I have to disagree with this pull quote. “Political correctness” is the rhetorical scapegoat for those who do not believe ethical progression exists. It is the refuge of totalitarian power which chooses not to see moral context, and is the short-sighted, limited perspective which believes its power to be absolute. That absolute power, as the adage goes, corrupts absolutely. Without change, without moral context and the progression of our ethics as a nation, we will be as weak as those who claim to know us so well. But ethical progression is not a trap. It is our weapon.

  • UltimaRatioReg


    I think the CG that Jim Dolbow identifies is an easily-shaped public opinion. The CV is that our enemies understand our desire for political correctness and exploit it. This leg of the Clausewitzian golden triangle has gotten far too long. IMHO.


    Why you may be correct, to be a true CG it must be our source of strength. I would argue that our Strategic CGs (in the currently accepted definition which is somewhat different than Clausewitz’s Schwerpunk)are our deployable military forces and economic power. These are our sources of strength. Without the economic strength and our military, we would be just like Russia (to use a Texan phrase, “Big Hat, No Cattle”). Having said that, the Russians are allied or not with the US solely because it is in their percieved best interest not to be. Just as Democrats and Republicans are allied or not based on their perceived best interests, or you are allied or not with co-workers based on your perceived best interests. All politics is local.

    The quote speaks of the West, and not specifically of the US. Anyone who has visited Europe (generally considered to be a major part of the West) understands that political correctness runs far deeper in other places of the West than in the US.

  • UltimaRatioReg


    “Anyone who has visited Europe (generally considered to be a major part of the West) understands that political correctness runs far deeper in other places of the West than in the US.”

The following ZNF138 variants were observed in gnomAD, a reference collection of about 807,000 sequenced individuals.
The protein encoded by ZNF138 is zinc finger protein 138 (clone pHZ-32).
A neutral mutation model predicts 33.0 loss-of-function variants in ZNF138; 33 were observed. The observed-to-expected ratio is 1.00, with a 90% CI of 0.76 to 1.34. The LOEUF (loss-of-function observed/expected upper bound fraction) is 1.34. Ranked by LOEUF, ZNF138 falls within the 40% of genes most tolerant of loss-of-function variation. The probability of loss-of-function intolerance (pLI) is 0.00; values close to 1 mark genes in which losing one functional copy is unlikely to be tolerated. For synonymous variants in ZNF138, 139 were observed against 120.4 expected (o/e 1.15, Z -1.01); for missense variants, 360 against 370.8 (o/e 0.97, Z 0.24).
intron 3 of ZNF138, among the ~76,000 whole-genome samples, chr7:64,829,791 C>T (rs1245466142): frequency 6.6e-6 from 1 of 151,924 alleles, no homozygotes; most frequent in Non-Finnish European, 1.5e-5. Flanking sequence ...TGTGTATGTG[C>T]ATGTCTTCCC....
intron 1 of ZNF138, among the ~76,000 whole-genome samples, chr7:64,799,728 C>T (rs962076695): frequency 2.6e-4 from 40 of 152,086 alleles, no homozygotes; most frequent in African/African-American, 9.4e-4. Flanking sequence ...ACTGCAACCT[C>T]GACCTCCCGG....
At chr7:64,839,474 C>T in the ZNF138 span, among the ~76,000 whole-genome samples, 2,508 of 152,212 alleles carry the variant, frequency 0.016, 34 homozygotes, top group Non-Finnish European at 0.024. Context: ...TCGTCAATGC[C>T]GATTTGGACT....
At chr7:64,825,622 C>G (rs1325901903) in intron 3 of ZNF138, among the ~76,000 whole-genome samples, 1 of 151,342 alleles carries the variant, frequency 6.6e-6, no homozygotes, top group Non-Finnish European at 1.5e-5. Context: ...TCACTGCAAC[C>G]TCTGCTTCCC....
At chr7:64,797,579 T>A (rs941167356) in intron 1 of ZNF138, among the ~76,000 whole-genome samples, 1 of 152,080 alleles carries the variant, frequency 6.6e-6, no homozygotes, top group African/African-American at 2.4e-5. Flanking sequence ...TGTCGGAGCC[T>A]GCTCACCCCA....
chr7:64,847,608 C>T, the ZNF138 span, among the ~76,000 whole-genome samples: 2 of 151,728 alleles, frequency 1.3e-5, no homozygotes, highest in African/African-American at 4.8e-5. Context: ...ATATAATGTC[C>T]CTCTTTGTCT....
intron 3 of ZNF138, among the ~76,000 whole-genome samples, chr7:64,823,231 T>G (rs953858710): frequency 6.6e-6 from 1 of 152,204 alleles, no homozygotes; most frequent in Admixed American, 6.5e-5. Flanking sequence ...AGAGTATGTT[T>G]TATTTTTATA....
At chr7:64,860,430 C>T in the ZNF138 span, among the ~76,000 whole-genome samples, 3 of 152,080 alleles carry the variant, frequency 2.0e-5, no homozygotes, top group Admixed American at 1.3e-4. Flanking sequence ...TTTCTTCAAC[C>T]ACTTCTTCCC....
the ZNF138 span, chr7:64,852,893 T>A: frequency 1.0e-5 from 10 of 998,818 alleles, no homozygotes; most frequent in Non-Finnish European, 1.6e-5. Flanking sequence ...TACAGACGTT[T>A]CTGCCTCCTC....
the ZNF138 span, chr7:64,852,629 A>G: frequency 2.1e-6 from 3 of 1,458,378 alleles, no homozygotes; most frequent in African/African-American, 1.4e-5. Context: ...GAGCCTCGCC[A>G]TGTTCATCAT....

True, except the US is the ONLY part of the West that brings any kind of world influence to counter any other burgeoning power.

    Yes, a CG is a source of strength, but it is more than that. It is the critical element to success, to be protected as well as leveraged. And from that comes the critical vulnerability. Which is why the Soviets built so many SSNs. To inderdict US ability to project that power. (Remember REFORGER?)


    I agree that the US does most the heavy lifting for the West. As the joke goes, the (insert any non-British European country here) will fight to the last American. I also agree that the CG “..is the critical element to success, to be protected as well as leveraged”. As such, a CG of “an easily-shaped public opinion” doesn’t make sense. It may be a Critical Capability and it may be a Critical Vulnerability. But it is not a Center of Gravity (CG). In the Theater Strategic example you provided, I would say the CG was the US Army (or more accurately the US Army Armored Forces), the Critical Capability was the ability to transport them to, and resupply them in, Europe, and the Critical Vulnerability was the transport ships vulnerabilty to attack. SSNs were a means to exploit the CV (transports) to indirectly attack the CG (armored forces). And yes, I remember REFORGER.

  • Derrick

    Sorry, I’m going to stray off-topic for a bit:

    BTW, what is REFORGER?

    Is the example regarding transport ships to carry the US Army to Europe being vulnerable to SSN attack a real example of a critical vulnerability, or a hypothetical one? I am just confused as I was under the impression that the US Navy negated the threat of any submerged threat to military sea transport/logistics/etc.?

  • Derrick

    I assume REFORGER refers to the NATO training exercises?

  • Byron

    REFORGER was the massive sealift/convoy/airlift plan to get several divisions to Europe during the Cold War in case the Warsaw Pact came tearing through the Fulda Gap. It’s also the backdrop to Tom Clancy’s second book, “Red Storm Rising” (which is far and away my favorite since it was co-authored with Larry Bond)

  • Grandpa Bluewater

    REFORGER was the “big deal” exercise of the logistic contingency plans in support of the Army’s primary mission in Europe – readiness to defend the NATO alliance at the inter-german border against the offensive forces of the Soviet Union and the Warsaw Pact.

    The need for rapid and continuous reinforcement and logistic support of the Army in Europe was the the underlying strategic need for force protection of transatlantic convoys, primarily against the Soviet SSN’s.

    This drove the assignment to LANTFLT SSN’s of the primary mission of ASW and was the reason the majority of USN SSN’s were assigned to the east coast.

    Ditto the P-3 bases in Iceland, Bermuda and the Azores.

    Ditto SOSUS and T-AGOS ships.

    To a lesser degree, ditto the DE’s/FFG’s and Spruances and ASW variant FRAM DD’s. “Lesser degree” because some of them had to screen the ARG’s and CVBG’s (please excuse my ancient nomenclature), which also was the job of the S-3’s and S-2’s and ASW helos.

    We’ll never know how it would have turned out if the Red Army decided to wash its socks in the English channel one weekend, thanks be to God. Everybody trained plenty hard, to be sure.